Like his colleagues, Walter Ufer was greatly influenced by the expressive light which turned the Southwestern landscape into chromatic visual episodes, but he was equally absorbed by the character and personalities of its American Indian inhabitants. Ufer was determined to portray the American Indian not as remote aboriginal figures acting out arcane and picturesque rituals, but most directly as men and women at a cultural crossroads, pressured by the forces of modern American civilization yet excluded from its opportunities. He saw them searching for meaning in rituals that were an amalgam of ancient tribal rites and the Catholicism imported by Spanish conquerors in the sixteenth century. Ufer joined the American Indians in their active protests and participated in strikes and other social actions, seeking to improve their conditions under which they struggled.
Ufer's daily involvement with his subjects lent an authenticity and immediacy to the figures and landscape he so revered. The longer he spent in Taos, the freer his line and more experimental his palette and brushwork became, as clearly displayed in The Watcher. Ufer's pointillist technique in the expansive sky and passing clouds reinforce the hot glistening sun angled directly overhead, casting the main figure in shadow and the rest of the landscape in a warm noonday heat. "Ufer's treatment of landscape continued to gain in sophistication and power. His eye, conditioned in part by Munich Jugendstil, and by his background as an illustrator during the great era of poster art, became more sensitive to the sinuous line in natural forms of arroyo, sage, cloud, and mountain, which were treated in a semi-abstract fashion and related to each other and to man-made forms of adobe and costume in decorative pattern. At the same time he continued to explore the rich coloristic effects of the intense New Mexico sunlight, using a general impressionist strategy...His surfaces, even when dark in tone, seemed to be permeated with light and strong color. Ufer was thus able to unite figure to landscape by a free and pervasive play of light as well as by a congruence of form and line, and create, when most successful, a visual unity of earth and sky, and human, vegetal and geological forms. Ufer's application of paint became heavier, his handling of it more confident, and his brushwork increasingly animated and expressive." (S.L. Good in Pioneer Artists of Taos, Denver, Colorado, 1983, p. 155)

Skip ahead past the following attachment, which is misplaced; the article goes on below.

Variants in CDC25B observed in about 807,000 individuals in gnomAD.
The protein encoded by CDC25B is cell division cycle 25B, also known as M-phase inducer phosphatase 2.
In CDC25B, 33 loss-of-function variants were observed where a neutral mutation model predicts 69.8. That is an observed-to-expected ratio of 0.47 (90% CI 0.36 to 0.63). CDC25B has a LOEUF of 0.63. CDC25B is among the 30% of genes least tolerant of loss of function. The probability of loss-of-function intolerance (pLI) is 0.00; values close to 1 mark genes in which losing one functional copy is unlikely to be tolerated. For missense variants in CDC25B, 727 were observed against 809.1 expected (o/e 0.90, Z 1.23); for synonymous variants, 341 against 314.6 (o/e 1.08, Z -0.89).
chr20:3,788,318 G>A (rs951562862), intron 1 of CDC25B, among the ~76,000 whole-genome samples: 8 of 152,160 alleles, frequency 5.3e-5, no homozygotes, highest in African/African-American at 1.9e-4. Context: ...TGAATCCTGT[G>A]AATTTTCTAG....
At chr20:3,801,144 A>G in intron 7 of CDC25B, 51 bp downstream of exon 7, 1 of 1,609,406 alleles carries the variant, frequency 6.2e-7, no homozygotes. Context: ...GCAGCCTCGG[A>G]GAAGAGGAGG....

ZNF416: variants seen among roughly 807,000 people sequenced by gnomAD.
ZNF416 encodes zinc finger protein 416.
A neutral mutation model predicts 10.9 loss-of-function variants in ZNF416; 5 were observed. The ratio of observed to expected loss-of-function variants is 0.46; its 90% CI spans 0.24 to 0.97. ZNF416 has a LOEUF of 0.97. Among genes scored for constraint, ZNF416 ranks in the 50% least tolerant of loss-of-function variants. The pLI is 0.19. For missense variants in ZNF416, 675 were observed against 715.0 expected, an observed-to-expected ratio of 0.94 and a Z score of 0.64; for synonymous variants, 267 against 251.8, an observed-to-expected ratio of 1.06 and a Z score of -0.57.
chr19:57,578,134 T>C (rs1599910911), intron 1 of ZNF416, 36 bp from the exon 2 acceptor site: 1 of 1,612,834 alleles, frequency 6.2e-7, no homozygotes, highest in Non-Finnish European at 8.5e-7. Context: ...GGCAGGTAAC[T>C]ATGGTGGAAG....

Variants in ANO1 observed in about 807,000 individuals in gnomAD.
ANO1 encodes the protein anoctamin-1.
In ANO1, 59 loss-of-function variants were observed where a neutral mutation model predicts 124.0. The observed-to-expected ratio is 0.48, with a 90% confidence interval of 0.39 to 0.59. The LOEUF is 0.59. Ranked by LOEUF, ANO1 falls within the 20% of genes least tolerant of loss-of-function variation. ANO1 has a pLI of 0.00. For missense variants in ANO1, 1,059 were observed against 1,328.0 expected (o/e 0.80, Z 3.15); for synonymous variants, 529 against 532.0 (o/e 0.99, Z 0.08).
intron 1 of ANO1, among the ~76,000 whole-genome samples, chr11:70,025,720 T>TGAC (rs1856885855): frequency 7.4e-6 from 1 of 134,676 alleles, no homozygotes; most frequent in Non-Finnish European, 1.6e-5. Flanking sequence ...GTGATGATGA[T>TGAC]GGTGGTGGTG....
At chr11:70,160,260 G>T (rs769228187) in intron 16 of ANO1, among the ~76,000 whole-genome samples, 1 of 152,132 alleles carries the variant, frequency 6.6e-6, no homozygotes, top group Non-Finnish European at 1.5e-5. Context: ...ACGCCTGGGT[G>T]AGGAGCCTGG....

As art critic Rose V.S. Berry noted in a 1923 commentary on Ufer's one-man show at the Corcoran Gallery: "In Ufer's pictures which pertain to the pictorial aspect of the land around him, he has a masterly rendition. Any artist finds it difficult in New Mexico to paint a picture and to forget or ignore the intimate relation of the sky and the land. Their joint association there as subject matter is so different from elsewhere--they are so completely all of it...So these two, the land and the sky, are thoroughly wedded and share alike the interest of the painter and the laymen who are on the ground. Ufer renders them with an impartial power in his translation. The sky he makes attractive with form and color, but he never leaves it the sole attraction. The land he makes a fit mate for his patterned sky, so strongly presented that the interest is united, and the land and the sky make a perfect whole. The mountains, as Ufer stacks them up into masses of crevassed heights, are solid, massive, and sculpturesque. One feels the thought of Cézanne, without being forced to think of him; in fact, in all of Ufer's work the modern note predominates, but with a personal adaptation which makes it his own and convinces the observer that Ufer will always be a modern, and an interesting one...There is nothing trite; there is almost nothing that is gentle, it is more frequently a feeling of power suppressed than gentleness revealed" ("Walter Ufer in a One-Man Show," The American Magazine of Art, XIII, No. 12, December 1922, pp. 509-10)